The evaluation includes 211 rural communities in Bomi and Maryland counties, identified by the government of Liberia as targets for the Social Cash Transfer program based on their high rate of extreme poverty. These communities will be randomly assigned to one of the three study arms with equal probability: cash transfer only, “TO”, cash transfer plus financial planning, “TP”, and control, “C”. Eligibility for transfers will not be tied to study participation; rather, all households in TO and TP communities will be eligible for transfers. GiveDirectly will be responsible for identifying households, informing them of their eligibility, and obtaining consent to participate in the interventions.
A baseline survey will be launched in February 2022. We aim to enroll up to 15 eligible couples per community, for a total sample of approximately 2,500 couples (the exact sample size will depend on the share of targeted households that have an eligible couple). We will conduct separate interviews of the male and female partner in each couple. Both surveys will collect data on socioeconomic characteristics (including individual control over assets and labor force participation), intrahousehold decision-making, financial decision-making power and use of financial services, couples’ communication, and social norms around IPV. The female survey will collect additional data on reported experience of IPV and controlling behaviors, while the male survey will collect additional data on household composition and socioeconomic status. The surveys will be conducted prior to the rollout of the cash transfer and planning interventions.
A short-run phone survey follow-up is planned after the second transfer (~5 months after the baseline, ~3 months after enrollment) and will target all 2,500 enrolled women. Since GiveDirectly offers phones to households when needed, we expect completion rates will be higher in the TO and TP arms -- thus this survey will be most useful for identifying the short-term effects of planning conditional on receiving a transfer.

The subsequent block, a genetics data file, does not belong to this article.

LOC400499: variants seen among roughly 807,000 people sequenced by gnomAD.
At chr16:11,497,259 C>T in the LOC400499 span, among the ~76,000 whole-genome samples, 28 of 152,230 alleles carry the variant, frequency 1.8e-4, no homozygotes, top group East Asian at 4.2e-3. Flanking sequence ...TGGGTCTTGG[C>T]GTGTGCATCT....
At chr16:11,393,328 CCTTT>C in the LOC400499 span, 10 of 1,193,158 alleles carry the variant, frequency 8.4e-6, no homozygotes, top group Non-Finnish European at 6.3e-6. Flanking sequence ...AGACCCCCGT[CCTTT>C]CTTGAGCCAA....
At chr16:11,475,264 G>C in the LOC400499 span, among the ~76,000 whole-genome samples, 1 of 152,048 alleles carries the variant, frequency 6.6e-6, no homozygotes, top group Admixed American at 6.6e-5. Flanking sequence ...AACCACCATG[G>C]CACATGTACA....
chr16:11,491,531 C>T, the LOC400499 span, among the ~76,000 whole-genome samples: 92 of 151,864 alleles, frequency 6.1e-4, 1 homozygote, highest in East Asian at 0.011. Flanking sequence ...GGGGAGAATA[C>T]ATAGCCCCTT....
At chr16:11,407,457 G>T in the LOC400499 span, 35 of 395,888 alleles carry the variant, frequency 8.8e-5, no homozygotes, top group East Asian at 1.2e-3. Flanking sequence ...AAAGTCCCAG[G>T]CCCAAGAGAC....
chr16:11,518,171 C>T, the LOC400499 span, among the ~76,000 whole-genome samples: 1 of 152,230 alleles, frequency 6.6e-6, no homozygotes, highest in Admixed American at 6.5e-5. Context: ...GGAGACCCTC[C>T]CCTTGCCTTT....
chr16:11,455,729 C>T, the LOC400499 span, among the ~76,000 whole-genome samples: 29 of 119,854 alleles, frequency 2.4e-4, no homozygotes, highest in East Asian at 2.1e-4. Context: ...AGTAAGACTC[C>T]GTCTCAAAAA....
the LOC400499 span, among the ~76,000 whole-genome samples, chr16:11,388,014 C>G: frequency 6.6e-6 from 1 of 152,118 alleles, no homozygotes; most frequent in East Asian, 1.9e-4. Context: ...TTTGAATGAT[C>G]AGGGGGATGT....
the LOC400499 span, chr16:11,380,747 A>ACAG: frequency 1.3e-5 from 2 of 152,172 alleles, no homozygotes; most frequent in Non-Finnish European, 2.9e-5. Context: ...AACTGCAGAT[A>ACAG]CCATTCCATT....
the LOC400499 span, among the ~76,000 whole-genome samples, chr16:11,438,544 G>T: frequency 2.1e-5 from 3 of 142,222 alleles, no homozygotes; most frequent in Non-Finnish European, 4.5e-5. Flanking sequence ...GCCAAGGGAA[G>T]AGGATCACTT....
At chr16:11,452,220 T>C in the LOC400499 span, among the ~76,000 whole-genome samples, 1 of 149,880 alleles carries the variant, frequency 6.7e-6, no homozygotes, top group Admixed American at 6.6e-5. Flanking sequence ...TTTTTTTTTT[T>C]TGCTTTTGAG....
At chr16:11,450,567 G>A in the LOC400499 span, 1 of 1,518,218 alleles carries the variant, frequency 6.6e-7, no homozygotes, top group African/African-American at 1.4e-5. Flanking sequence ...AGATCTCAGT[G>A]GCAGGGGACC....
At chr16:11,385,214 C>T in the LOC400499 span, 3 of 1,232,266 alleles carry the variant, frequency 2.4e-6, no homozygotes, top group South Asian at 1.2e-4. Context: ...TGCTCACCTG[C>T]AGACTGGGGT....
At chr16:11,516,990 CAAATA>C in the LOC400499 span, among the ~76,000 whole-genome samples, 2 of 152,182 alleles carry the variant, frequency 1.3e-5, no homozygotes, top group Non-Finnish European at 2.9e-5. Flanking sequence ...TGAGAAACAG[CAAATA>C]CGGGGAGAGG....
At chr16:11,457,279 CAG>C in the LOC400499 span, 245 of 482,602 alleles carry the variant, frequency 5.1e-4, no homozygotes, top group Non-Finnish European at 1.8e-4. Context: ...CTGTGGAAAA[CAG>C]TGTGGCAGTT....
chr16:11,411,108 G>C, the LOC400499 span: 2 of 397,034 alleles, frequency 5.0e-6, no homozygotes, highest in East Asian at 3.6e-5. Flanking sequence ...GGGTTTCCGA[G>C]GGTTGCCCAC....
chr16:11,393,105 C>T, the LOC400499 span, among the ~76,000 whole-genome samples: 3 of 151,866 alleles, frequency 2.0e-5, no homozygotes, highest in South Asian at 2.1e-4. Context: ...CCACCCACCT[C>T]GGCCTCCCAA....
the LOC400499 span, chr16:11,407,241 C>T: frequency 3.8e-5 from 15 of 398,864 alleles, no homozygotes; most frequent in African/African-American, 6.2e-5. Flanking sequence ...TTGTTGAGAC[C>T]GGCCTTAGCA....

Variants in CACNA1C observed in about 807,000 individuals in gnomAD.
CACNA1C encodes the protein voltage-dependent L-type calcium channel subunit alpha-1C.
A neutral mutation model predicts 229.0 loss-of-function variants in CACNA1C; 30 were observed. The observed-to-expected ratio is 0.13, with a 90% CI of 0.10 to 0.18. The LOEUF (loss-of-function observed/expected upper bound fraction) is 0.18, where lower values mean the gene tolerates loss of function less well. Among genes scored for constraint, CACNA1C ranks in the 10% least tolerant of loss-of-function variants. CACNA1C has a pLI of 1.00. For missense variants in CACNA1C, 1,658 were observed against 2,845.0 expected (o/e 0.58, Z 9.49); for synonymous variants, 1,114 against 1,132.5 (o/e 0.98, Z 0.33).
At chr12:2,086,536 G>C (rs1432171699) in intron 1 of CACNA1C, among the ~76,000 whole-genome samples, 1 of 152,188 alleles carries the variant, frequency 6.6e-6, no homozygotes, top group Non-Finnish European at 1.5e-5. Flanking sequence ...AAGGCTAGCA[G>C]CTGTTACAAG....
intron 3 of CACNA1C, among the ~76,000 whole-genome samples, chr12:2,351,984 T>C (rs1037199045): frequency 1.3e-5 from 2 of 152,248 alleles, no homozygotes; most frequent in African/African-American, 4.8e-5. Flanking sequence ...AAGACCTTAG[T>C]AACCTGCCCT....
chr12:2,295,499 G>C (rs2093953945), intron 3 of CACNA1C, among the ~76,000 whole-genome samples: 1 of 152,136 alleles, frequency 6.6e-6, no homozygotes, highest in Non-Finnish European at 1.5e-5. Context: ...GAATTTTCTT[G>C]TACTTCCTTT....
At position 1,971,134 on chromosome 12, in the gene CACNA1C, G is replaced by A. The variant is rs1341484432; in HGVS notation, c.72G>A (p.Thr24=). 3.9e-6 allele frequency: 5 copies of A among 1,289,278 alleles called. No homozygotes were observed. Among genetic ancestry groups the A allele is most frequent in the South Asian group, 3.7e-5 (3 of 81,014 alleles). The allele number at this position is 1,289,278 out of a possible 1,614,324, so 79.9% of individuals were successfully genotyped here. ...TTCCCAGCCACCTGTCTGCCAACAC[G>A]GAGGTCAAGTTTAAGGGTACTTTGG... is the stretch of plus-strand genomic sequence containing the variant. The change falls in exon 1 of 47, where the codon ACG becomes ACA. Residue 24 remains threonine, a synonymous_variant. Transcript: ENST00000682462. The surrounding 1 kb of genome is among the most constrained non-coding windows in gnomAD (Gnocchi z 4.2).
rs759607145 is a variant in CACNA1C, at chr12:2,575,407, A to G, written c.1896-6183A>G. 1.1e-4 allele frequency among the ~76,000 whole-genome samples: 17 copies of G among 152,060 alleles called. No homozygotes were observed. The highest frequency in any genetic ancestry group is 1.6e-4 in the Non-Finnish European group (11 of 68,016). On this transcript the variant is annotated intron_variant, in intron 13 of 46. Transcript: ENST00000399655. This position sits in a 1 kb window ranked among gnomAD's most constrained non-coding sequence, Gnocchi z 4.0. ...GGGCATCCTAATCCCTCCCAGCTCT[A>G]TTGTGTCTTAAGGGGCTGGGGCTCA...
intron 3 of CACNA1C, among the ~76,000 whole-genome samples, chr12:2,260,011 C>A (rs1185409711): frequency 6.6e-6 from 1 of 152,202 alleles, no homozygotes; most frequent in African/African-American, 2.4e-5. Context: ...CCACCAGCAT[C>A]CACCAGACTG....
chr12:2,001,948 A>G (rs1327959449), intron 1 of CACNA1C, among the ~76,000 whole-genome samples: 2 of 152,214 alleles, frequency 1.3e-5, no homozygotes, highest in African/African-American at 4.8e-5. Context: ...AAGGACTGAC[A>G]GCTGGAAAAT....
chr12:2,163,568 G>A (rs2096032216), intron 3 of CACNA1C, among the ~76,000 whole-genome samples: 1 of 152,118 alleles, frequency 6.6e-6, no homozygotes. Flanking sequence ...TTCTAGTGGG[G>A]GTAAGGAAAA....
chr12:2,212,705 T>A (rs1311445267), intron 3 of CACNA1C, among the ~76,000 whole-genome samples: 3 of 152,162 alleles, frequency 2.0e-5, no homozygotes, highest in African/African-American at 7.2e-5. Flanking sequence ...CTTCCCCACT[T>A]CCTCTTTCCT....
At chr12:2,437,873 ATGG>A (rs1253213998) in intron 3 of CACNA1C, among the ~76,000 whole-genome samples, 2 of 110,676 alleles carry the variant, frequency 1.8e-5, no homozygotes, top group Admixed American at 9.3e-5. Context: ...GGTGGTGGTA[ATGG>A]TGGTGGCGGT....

A subsequent in-person endline survey will (contingent on funding) revisit all enrolled households around one year after program enrollment and financial planning intervention. Key modules in the endline include experience of IPV (we propose to use the DHS module, which is very similar to the WHO module); controlling behaviors, intrahousehold conflict, and relationship satisfaction; and decision-making dynamics.
We will assess impacts by comparing differences in IPV and related outcomes across the three treatment groups using OLS regression, controlling for randomization strata and clustering at the community level. We will also study impacts on the above-mentioned precursors to IPV, which will help us shed light on mechanisms that drive our interventions’ impact on IPV and test our hypothesis that planning ameliorates decision stress triggered by a sudden injection of new economic resources. Finally, we will examine heterogeneous treatment effects with respect to baseline conflict and decision making to shed light on mechanisms and identify groups most impacted by cash and planning.